writers have known for centuries, the best way to learn to write well is
to apprentice yourself to an accomplished writer.
Learning to write is like developing any
other skill. You begin by imitating, point by point, someone who has
mastered the basic techniques of the form. At first your style may sound
derivative, but over time, as you experiment with applying those
techniques, your own distinct voice emerges.
I remember the time the critic and
editor Malcolm Cowley visited our creative writing class at Vanderbilt.
After telling us with stories about Fitzgerald, Wolfe, and Hemingway, he
offered this advice: The next time you read something that you find
compelling, a passage whose language seems extraordinarily well crafted,
mark the passage, come back to it, and study it. Read it out loud. Copy or
type it over word for word. Try to write something like it. In other
words, do whatever you can to get as close as possible to the language
that moved you.
In this way, he told us, you discover a
writer’s secrets and you make them your own.
A few years ago, when reading Toni
Morrison’s Beloved, I came across a passage that sent chills down
my spine. It began, "The stove didn’t shudder as it adjusted to its heat."
Before I realized what was happening, Seth’s haunted house was trembling
and pitching, a table came rushing across the floor, and Paul D had
grabbed it by its leg and was bashing it about, "wrecking everything,
screaming back at the screaming house."
I have often marveled at Morrison’s
uncanny ability to glide effortlessly between the natural and the
supernatural worlds. How does she do it? I wanted to know.
I took Cowley’s advice and copied and
studied the passage. I took it apart and wrote another passage like it.
Although I may never write like Morrison, I did learn something from the
You can take the same approach to
improving your business writing. Let’s give it a try.
We’ll use an obvious example: Thomas J.
Watson’s famous 1970 memo to IBM managers castigating them for their use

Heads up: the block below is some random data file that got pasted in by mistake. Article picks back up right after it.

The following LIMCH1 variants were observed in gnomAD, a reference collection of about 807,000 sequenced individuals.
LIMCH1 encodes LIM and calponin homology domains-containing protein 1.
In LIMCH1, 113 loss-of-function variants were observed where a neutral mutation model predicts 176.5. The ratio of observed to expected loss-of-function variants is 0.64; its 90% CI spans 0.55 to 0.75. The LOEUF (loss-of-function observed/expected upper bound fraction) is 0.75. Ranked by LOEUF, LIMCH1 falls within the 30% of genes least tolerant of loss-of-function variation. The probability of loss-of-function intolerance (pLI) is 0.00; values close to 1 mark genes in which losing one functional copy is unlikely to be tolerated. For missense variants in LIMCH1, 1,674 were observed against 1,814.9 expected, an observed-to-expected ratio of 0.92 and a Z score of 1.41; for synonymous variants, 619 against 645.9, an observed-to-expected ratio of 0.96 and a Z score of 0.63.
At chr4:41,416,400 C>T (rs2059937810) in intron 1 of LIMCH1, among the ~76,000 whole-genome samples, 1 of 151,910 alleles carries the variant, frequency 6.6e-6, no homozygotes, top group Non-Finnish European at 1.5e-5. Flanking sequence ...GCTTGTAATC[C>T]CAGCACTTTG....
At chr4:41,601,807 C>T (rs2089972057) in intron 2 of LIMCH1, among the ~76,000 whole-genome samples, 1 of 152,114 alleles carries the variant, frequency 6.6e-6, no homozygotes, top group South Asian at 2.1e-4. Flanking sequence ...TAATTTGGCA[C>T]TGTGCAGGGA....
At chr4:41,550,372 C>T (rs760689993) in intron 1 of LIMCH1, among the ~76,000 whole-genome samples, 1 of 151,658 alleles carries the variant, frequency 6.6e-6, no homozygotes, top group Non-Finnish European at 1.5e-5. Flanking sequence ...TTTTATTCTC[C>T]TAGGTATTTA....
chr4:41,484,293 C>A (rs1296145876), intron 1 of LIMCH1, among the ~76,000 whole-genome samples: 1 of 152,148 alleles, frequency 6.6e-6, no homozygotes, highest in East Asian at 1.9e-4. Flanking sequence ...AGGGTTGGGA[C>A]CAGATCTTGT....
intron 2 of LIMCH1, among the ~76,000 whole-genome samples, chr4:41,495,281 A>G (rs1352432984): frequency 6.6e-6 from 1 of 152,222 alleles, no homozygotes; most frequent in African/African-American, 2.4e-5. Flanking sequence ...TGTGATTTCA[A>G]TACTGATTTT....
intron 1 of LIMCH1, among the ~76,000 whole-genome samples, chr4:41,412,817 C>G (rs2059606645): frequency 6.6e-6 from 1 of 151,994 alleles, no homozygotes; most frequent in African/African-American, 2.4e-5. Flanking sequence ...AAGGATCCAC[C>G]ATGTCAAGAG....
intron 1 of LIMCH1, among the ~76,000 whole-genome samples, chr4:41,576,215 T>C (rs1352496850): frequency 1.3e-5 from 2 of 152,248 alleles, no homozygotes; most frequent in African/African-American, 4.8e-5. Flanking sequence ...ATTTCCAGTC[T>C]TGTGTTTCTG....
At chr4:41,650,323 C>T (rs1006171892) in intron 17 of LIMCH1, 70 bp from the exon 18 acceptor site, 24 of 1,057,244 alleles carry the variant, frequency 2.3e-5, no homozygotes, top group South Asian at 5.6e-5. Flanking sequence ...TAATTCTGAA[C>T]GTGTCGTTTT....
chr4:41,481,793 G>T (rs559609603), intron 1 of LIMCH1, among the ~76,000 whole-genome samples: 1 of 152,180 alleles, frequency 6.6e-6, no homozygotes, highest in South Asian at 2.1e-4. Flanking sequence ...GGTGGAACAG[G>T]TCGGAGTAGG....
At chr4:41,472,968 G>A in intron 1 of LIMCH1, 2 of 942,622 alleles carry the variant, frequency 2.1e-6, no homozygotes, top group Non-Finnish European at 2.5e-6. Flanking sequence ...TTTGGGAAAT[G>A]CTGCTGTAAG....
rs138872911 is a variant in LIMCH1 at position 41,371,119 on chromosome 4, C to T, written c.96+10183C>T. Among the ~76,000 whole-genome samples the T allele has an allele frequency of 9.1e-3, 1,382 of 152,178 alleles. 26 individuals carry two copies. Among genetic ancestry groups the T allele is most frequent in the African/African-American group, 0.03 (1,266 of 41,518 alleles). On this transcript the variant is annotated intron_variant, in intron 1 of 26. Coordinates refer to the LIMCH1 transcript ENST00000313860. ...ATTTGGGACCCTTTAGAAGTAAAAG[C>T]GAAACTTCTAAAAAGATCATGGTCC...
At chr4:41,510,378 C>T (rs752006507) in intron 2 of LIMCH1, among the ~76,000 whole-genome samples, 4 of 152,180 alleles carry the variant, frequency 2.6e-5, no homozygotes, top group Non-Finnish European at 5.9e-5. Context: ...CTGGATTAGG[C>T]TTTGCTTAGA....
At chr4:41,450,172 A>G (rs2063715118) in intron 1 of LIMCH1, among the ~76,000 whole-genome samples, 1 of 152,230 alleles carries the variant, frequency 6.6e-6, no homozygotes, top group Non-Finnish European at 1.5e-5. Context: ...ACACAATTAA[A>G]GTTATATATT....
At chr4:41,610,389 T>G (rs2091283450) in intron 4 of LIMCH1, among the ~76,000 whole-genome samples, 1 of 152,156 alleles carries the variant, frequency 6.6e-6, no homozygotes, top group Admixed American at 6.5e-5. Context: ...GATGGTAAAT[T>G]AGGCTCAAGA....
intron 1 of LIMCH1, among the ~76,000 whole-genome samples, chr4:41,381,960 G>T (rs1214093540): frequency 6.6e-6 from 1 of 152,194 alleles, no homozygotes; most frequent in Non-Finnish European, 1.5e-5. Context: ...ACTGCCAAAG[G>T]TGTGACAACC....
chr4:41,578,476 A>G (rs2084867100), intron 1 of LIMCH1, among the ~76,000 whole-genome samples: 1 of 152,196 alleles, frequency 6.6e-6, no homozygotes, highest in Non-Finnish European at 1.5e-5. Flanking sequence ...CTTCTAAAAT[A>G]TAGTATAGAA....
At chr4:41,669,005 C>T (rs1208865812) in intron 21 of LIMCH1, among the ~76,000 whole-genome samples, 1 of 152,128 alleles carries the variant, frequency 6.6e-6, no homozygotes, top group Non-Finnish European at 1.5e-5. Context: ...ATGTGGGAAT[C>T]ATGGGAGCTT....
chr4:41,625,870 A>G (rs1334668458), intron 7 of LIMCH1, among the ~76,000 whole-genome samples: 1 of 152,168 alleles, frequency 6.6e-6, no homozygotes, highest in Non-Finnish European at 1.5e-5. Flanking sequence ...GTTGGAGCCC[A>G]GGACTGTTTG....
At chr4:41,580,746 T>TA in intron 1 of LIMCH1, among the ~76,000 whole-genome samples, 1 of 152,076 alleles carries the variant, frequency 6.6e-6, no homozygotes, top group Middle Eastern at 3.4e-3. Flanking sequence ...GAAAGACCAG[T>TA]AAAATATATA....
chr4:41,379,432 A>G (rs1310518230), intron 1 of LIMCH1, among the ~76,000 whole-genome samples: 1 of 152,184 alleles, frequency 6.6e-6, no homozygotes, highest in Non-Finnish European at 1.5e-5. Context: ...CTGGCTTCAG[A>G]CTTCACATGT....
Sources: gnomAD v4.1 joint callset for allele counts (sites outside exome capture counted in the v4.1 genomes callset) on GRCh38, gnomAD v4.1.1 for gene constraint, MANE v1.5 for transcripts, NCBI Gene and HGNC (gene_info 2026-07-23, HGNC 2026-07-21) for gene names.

of "gobbledygook." His memo is a model of no-nonsense, forceful writing:
"A foreign language has been creeping
into many of the presentations I hear and the memos I read. It adds
nothing to a message but noise, and I want your help in stamping it out.
It’s called gobbledygook.
"There’s no shortage of examples.
Nothing seems to get finished anymore—it gets ‘finalized.’ Things don’t
happen at the same time but ‘coincident with this action.’ Believe it or
not, people will talk about taking a ‘commitment position’ and then
because of the ‘volatility of schedule changes’ they will ‘decommit’ so
that our ‘posture vis-a-vis some data base that needs a sizing will be
able to enhance competitive positions.’
"It may be acceptable among bureaucrats
but not in this company. IBM wasn’t built with fuzzy ideas and pretentious
language. IBM was built with clear thinking and plain talk. Let’s keep it
Let’s concentrate on four specific
points worth imitating. The first is structural. Notice how Watson
organizes his memo into a logical, three-part sequence: purpose statement,
support, and proposed action.
The other three points all have to do
with techniques for creating emphasis: Watson’s use of a one-sentence
paragraph, the parallelism of the contrasting statements beginning with
"IBM," and the short, punchy concluding sentence.
After you have copied or typed over his
memo, write a memo on another topic that imitates, point by point, each of
these attributes. Where Watson uses a one-sentence paragraph, you use a
one-sentence paragraph. Where he uses parallel construction, you use
Remember, as Yogi Berra once said, "You
can observe a lot just by watching."
To which I might add, you can accomplish
a lot just by doing.